- The Washington Times - Saturday, October 18, 2008

CAMP DAVID, Md. (AP) – President Bush, who is being pressed by European leaders to sign on to global financial market reform, will host a summit of nations in the near future to discuss the economic crisis that has shaken markets around the world, a senior administration official said Saturday.

President Bush says the world’s leaders must work together to solve the financial crisis.

The president stood with French President Nicolas Sarkozy and European Commission President Jose Manual Barroso at Camp David, declaring that nations will modernize their financial systems.

The summit will focus on ideas to prevent a crisis from recurring and to preserve the free market system, said the Bush administration official, who spoke on condition of anonymity because the announcement has not yet been made. Bush is not expected to announce a date or site for the event.

French President Nicolas Sarkozy and European Commission President Jose Manual Barroso are trying to convince Bush that now is a good opportunity to tighten and better coordinate control of the financial markets, in response to the credit crisis.



The president has backed the steps European nations have taken to stem the downturn, and wants the summit to include the Group of Eight industrialized powers plus other emerging economies like China and India. The White House says Bush, who has just three months left in office, wants to listen to a broad range of ideas, not just from Europe, but from Asia and developing countries.

But the U.S. hasn’t signed on to the more ambitious, broad-stroke revisions that some European leaders like Sarkozy have in mind for the world financial system. And with only three months left in office, reforming the global financial system likely will fall to his successor. It’s unclear if the summit will be before or after the U.S. presidential election and whether the candidates, their representatives or the winner would attend.

Sarkozy and Barroso were stopping at Camp David to meet with Bush on their way home from a summit of French-speaking nations in Quebec City, Canada.

At the summit, U.N. Secretary General Ban Ki-moon offered Saturday to host an emergency G8 summit at New York’s United Nations Secretariat to discuss the global financial crisis. Ban issued a statement backing Sarkozy’s appeal to act aggressively and collectively to address the economic meltdown at a summit of the world’s most influential nations by December.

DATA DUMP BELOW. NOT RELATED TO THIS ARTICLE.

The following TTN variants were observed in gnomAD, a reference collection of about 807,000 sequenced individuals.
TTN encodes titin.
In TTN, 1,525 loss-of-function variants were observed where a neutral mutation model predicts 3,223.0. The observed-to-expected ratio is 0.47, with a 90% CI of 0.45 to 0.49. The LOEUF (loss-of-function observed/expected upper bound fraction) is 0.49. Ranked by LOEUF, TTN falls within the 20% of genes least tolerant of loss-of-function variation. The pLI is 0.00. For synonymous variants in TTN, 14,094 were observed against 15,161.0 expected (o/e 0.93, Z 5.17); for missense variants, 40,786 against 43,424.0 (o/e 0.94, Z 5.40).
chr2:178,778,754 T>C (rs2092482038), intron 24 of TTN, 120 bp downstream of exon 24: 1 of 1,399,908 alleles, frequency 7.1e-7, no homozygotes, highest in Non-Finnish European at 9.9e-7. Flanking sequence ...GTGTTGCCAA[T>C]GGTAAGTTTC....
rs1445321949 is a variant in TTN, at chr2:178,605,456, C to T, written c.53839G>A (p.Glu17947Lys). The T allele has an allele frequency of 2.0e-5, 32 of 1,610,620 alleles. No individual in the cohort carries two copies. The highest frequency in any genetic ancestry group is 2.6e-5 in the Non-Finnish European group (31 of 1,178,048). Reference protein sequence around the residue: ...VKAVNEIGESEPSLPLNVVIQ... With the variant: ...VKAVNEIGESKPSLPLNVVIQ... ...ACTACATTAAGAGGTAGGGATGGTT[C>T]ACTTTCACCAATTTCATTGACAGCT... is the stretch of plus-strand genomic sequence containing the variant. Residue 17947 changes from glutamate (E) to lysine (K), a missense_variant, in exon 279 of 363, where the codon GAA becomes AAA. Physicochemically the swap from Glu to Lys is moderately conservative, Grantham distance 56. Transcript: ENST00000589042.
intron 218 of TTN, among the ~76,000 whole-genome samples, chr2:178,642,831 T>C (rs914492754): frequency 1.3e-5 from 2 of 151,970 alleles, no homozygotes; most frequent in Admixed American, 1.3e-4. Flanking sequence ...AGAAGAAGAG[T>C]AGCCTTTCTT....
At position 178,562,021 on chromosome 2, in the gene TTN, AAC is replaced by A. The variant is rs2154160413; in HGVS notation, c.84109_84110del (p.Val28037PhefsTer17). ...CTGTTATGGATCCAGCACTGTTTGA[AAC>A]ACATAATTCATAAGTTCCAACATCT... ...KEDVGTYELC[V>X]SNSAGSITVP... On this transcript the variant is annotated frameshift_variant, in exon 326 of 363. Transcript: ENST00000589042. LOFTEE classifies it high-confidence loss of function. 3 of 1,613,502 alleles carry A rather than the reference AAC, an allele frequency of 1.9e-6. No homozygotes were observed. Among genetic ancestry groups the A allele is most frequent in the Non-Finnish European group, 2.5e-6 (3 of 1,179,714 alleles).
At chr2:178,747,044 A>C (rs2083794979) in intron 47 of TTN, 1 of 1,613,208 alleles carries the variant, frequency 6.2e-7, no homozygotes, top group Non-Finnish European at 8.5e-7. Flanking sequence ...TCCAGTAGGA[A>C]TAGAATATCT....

“I strongly believe that holding the summit at the United Nations, the symbol of multilateralism, will lend universal legitimacy to this endeavor and demonstrate a collective will to face this serious global challenge,” said Ban.

On Friday, Sarkozy repeated his call to overhaul the global financial system so that it can be better supervised in the wake of the crisis.

“Together we need to rebuild a capitalism that is more respectful to man, more respectful to the planet, more respectful to future generations and be finished with a capitalism obsessed by the frantic search for short-term profit,” Sarkozy said

Sarkozy has floated the idea of reforming rating agencies and even exploring the future of currency systems. British Prime Minister Gordon Brown, who engineered a British bank bailout that inspired U.S. and European rescues, is proposing radical changes to the global capitalist system, including a cross-border mechanism to monitor the world’s 30 biggest financial institutions.

In his weekly radio address, Bush on Saturday sought to reassure Americans about the cost and scope of the nation’s financial bailout plan and said that in the long run “our economy will bounce back.” He acknowledged that people are concerned about their finances and, while he offered assurances about an eventual recovery, he did not say when that would happen.

Since Oct. 9, 2007, when the Dow topped 14,000, investors have lost $8.3 trillion from pension funds, college savings plans, 401(k)s and other investments. Congress gave Bush a $700 billion plan to buy bad assets from banks and other institutions to shore up the financial industry.

“The federal government has responded to this crisis with systematic and aggressive measures to protect the financial security of the American people,” Bush said in the radio broadcast. “These actions will take more time to have their full impact. But they are big enough and bold enough to work.”

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